Online water billing system will be down for maintenance 7:00 p.m. June 9 until 7:00 a.m. June 11, 2023. More Information
Why does my water smell like rotten eggs?
The "rotten egg" smell that may come from your faucet is likely hydrogen sulfide. Hydrogen sulfide (commonly called sulfur) odors sometimes are present in water fixtures of homes and businesses. Sulfur is a mineral that exists in nature and is commonly present in water supplies. So long as sufficient oxygen is present, it exists in a combined form with oxygen and does not present odor problems. However, in the absence of oxygen there may be conditions present which convert the combined oxygen form with a form combined with hydrogen (ie; hydrogen sulfide) instead, creating a compound that has a characteristic rotten egg odor. Even though this odor is a nuisance, the water is safe for consumption. While this is of no comfort, the phenomenon is random and found across the nation.
What does the city do to alleviate the odor?
In addition to all the other standard protocols required of a safe drinking water system, the city often boosts disinfection stations as needed throughout town and cleans the water distribution pipelines with high velocity flushing.
Why does the cold water smell like sulfur as well as the hot water?
Chances are you smell the remnants of the hot water, and if you allow the cold faucet to run longer, the odor should disappear. Your outside faucets are plumbed directly to cold water, and there likely will not be a sulfur smell on those faucets. That will help you to determine if the source is your water heater.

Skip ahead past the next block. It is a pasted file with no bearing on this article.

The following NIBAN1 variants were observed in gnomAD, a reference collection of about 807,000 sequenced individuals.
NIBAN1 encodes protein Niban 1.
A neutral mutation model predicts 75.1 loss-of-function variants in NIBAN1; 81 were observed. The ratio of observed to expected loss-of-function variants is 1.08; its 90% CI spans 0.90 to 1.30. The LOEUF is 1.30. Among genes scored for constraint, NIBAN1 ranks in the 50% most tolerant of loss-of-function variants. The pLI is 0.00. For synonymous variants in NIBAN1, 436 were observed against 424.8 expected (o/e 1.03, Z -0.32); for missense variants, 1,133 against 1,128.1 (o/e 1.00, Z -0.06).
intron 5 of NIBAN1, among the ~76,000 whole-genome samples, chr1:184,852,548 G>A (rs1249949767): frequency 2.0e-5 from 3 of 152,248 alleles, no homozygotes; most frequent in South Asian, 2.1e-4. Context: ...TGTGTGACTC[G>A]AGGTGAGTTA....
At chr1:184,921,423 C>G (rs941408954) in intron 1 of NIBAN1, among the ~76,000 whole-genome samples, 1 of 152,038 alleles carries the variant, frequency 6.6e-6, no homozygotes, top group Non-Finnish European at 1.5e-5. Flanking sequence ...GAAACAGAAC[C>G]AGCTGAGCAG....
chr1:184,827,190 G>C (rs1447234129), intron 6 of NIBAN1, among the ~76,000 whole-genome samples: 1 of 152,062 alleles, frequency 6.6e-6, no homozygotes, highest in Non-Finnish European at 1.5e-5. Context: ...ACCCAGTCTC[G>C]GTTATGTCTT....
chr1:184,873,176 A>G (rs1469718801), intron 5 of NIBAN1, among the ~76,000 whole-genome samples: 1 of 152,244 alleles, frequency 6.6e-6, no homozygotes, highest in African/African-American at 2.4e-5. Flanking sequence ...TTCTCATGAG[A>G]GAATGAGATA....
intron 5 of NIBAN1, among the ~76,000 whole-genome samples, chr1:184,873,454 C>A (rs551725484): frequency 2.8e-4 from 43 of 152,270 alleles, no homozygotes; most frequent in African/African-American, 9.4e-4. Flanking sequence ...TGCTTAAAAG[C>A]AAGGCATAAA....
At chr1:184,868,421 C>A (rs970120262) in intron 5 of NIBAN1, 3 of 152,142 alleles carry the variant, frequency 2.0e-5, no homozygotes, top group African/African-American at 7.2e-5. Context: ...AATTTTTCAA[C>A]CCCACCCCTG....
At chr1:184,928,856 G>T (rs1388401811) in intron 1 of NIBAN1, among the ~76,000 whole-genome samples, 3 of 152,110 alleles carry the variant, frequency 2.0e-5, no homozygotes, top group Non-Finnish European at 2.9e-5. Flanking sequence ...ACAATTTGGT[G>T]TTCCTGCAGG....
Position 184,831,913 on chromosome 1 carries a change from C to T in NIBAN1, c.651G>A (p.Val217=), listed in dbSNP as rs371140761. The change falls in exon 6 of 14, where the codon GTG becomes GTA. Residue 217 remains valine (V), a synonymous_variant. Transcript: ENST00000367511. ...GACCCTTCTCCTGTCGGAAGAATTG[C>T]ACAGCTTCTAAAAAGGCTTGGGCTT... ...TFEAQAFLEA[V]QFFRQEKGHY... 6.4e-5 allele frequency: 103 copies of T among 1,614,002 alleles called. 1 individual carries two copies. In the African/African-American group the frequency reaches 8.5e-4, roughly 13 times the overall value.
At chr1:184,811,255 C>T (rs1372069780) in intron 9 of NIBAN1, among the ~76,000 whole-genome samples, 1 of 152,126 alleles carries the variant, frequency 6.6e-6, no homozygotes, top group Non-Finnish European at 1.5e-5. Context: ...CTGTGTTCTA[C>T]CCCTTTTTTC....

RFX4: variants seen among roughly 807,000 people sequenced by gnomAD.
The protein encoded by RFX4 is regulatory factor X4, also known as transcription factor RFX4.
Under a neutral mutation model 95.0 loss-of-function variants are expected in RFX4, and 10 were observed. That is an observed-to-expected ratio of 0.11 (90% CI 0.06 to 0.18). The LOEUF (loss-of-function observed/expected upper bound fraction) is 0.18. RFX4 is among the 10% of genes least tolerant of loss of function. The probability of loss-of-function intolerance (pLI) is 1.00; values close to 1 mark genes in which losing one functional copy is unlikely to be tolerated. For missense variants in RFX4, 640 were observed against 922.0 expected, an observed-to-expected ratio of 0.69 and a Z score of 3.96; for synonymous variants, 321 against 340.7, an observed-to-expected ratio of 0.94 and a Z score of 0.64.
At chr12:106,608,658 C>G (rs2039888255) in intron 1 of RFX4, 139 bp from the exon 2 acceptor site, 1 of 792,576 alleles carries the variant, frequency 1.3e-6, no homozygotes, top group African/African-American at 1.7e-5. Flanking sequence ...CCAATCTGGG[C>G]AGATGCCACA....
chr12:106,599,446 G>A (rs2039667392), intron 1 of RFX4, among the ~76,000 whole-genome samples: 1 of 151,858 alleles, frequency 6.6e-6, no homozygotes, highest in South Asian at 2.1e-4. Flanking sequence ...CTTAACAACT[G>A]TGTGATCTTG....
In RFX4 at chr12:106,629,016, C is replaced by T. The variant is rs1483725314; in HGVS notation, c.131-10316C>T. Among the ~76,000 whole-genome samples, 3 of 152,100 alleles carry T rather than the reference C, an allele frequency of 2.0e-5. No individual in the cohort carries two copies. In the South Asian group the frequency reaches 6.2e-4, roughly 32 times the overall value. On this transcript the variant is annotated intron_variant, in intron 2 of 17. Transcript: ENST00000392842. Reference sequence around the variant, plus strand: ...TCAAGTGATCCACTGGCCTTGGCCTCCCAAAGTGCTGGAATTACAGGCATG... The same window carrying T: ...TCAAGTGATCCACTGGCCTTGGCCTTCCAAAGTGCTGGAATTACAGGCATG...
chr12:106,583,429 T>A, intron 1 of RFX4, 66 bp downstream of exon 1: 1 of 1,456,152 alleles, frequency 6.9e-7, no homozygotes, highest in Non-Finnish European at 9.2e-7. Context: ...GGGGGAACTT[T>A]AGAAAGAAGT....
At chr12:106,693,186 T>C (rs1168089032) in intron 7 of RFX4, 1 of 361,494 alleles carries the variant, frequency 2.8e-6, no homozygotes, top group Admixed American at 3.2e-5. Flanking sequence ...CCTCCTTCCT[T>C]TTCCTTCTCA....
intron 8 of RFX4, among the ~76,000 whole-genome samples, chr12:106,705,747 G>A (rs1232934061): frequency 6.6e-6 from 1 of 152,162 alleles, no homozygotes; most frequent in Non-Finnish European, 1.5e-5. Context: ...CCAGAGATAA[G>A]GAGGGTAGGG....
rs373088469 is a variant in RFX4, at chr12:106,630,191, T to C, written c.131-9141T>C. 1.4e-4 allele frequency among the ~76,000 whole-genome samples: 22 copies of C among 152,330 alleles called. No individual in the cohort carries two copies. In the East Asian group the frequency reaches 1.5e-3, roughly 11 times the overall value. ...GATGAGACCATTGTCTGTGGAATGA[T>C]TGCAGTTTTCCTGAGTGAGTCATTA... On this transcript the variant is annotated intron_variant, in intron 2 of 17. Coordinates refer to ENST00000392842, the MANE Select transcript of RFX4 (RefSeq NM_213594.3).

What can I do to help control the odor?
There are several different steps you can take to help alleviate the odor. If the odor only occurs on the hot water side, the first thing to try is to turn on the hot water throughout your home and let the water run until cold. Doing this flushes out the water heater and may eventually lessen the odor. You may have to do this more than once, and you may need to do it periodically to keep the tank flushed out. It may also help to increase the temperature of the water temporarily for several hours before flushing (be careful of scalding temperatures at the hot water fixture outlets while the temperature is turned up).
Another thing you can try is to have a plumber remove the magnesium corrosion rod from your water tank and replace it with an aluminum rod. The factory installed magnesium rod in water heaters causes the dissolved sulfur to precipitate into a gas, causing the odor at the faucet.
If the odor is on the cold water side or both, it may be caused by the establishment of a condition in the plumbing system that causes the conversion to the hydrogen form. Usually this is limited to one or a few fixtures where certain bacteria have become established (known as sulfur reducing bacteria). Resolving this issue is often more difficult, requiring a qualified plumber to disinfect the home water system (usually with a chlorine solution), followed by a through flushing to remove all the disinfectant.
What if the odor doesn’t go away?
Please feel free to contact Environmental Services (972-237-8055) or Water Utilities (972-237-8400) and someone will contact you to discuss the specifics of your issue. Even though we won’t be able to enter your home and work on your plumbing, we will gladly discuss the issue with you and provide you with as much information as possible on how to alleviate the odor.
Is city water safe to drink?
Public Works takes all measures necessary to provide city residents with safe water that is free from objectionable odors, tastes, and color. In addition, the Environmental Protection Agency and the Texas Commission on Environmental Quality set stringent levels of regulation for public water supplies. Daily, monthly, quarterly and annual water samples are monitored. View the City of Grand Prairie's annual water quality report for details on what parameters are tested and the lab results.
For more information on water quality and testing requirements, visit https://www.tceq.texas.gov/waterquality/monitoring or www.epa.gov/safewater